Welsh education minister Leighton Andrews has announced that the basic rate for university tuition fees in Wales will be £2,000 less than original anticipated.
Imperial College today became the latest university to announce it will charge the maximum £9,000 tuition fees next year; by contrast, in Wales, education minister Leighton Andrews has announced that the basic rate for university tuition fees in Wales will be £2,000 less than original anticipated. In November, Mr Andrews announced that the fees structure in Wales would mirror England, following the decision by the House of Commons to raise the basic tuition fee rate by just under £3,000 to £6,000 a year, with an upper limit of £9,000.
In a written statement to Assembly members, however, the Minister has outlined his thinking following a consultation on the issue. He said:
“Central to the Assembly Government’s policy is the principle that access to higher education should be on the basis of the individual’s potential to benefit, and not on the basis of what they can afford to pay.
“The decision to set the basic fee level at £4,000 reflects the importance the Assembly Government places on the contribution which higher education makes to social justice.”
In welcoming the announcement, Kate Dalton, president of NUS Wales, said:
“We welcome the minister’s decision to set the basic tuition fee level at £4,000 rather than £6,000, as we made strong representations that no institution has the right to automatically double their tuition fees.
“However, let us be absolutely clear that this basic level is utterly pointless if institutions are easily allowed to charge above the basic level.
“The fee plan system must demand that institutions meet ambitious widening access targets, commit to delivering comprehensive information for students and take concrete steps to secure an excellent student experience before any of them can charge above £4,000 per year.”
And Dr Philip Dixon, director of lecturing union ATL Cymru, outlined the hope of lecturers that this move could open up access to university education for students from non traditional backgrounds. He said:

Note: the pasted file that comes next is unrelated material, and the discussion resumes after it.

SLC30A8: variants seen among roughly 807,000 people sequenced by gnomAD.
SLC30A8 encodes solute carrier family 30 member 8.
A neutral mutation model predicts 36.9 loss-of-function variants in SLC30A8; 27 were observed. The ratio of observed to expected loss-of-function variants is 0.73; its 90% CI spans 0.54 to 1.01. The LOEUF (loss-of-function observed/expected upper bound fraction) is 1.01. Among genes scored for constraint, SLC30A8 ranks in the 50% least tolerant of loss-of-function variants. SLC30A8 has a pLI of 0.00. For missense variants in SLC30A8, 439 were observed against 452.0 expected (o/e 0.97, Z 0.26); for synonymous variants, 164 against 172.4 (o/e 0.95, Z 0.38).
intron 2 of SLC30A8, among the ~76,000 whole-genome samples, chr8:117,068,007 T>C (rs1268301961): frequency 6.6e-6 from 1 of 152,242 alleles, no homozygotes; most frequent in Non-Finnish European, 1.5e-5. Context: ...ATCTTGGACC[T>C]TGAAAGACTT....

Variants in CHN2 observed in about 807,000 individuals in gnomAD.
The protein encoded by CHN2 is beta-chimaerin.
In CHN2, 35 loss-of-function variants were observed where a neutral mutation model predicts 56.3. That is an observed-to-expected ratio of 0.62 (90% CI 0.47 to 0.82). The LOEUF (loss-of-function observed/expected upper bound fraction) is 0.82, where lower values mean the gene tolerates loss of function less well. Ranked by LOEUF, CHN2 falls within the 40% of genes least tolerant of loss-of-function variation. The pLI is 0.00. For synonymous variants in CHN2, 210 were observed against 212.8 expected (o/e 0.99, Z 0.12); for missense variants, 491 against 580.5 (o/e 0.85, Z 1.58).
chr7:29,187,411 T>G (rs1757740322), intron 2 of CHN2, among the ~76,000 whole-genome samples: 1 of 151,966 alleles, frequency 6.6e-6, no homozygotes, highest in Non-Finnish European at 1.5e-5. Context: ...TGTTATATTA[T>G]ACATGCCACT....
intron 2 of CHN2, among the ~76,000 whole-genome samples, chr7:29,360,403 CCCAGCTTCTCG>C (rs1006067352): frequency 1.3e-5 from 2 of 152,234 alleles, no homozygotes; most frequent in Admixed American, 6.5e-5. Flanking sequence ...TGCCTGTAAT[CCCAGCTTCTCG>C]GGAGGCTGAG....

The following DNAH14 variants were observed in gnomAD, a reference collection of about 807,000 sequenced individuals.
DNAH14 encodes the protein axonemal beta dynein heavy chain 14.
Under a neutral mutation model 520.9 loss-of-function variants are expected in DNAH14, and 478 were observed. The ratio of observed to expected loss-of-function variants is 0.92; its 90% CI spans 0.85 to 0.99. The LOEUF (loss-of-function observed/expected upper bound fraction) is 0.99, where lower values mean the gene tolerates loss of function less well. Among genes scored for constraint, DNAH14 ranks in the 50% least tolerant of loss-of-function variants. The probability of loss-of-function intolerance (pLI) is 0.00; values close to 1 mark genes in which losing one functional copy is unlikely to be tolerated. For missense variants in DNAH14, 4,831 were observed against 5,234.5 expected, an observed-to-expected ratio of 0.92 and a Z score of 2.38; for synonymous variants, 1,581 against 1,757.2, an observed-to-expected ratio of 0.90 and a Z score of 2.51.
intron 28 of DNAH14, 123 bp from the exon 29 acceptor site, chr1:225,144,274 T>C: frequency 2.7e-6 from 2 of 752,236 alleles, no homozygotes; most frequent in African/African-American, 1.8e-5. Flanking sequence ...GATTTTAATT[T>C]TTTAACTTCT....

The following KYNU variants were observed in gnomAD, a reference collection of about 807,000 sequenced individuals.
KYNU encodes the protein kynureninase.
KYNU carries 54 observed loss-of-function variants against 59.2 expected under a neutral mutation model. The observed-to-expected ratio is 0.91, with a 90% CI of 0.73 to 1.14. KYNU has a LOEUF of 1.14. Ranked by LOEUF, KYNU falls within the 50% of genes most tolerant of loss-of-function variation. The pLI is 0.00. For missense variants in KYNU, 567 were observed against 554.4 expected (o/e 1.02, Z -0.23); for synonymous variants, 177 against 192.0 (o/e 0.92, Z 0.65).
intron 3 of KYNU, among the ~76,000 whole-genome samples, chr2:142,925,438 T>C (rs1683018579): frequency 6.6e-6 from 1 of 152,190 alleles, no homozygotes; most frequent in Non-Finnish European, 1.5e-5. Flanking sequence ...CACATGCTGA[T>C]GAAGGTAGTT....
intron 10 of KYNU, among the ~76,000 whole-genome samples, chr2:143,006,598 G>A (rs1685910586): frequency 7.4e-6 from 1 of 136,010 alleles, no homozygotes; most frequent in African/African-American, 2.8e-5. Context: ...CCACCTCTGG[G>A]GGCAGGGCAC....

“We hope that institutions who want to charge more than the basic level will show clearly how they are widening access. Any charging above the £4,000 mark must not be allowed to dissuade youngsters from university. Entry should be on ability to achieve not ability to pay.”
Whilst the £9,000 upper limit will remain in place, today’s announcement follows a package of measures announced by the Minister last year to cushion Welsh students from the impact of tuition fee rises. Measures included funding from the Welsh Assembly government that will mean Welsh domiciled students not having to pay increased tuition fees.
Meanwhile, following the High Court’s ruling that Michael Gove had failed to follow the proper process in abolishing the Building Schools for the Future programme, Leighton Andrews has announced £20.5 million of new funding to support capital works on Welsh Schools and Colleges.
Announcing the investment, he said:
“By the end of this current Assembly term (2007-11) we will have invested over £700 million in capital funding in a range of projects across Wales. Against a background of falling capital budgets, it is good news that schools and FEIs are going to benefit from substantial capital investment which we’ve made available because of careful and prudent budgeting in this financial year.
“We want schools to be fit to deliver our curriculum in the 21st Century. The funding announced today will help in achieving that goal.”
As elections to the Assembly draw closer, expect further announcements such as this as the Welsh Government seek to highlight the differences of approach between Westminster and Cardiff Bay.
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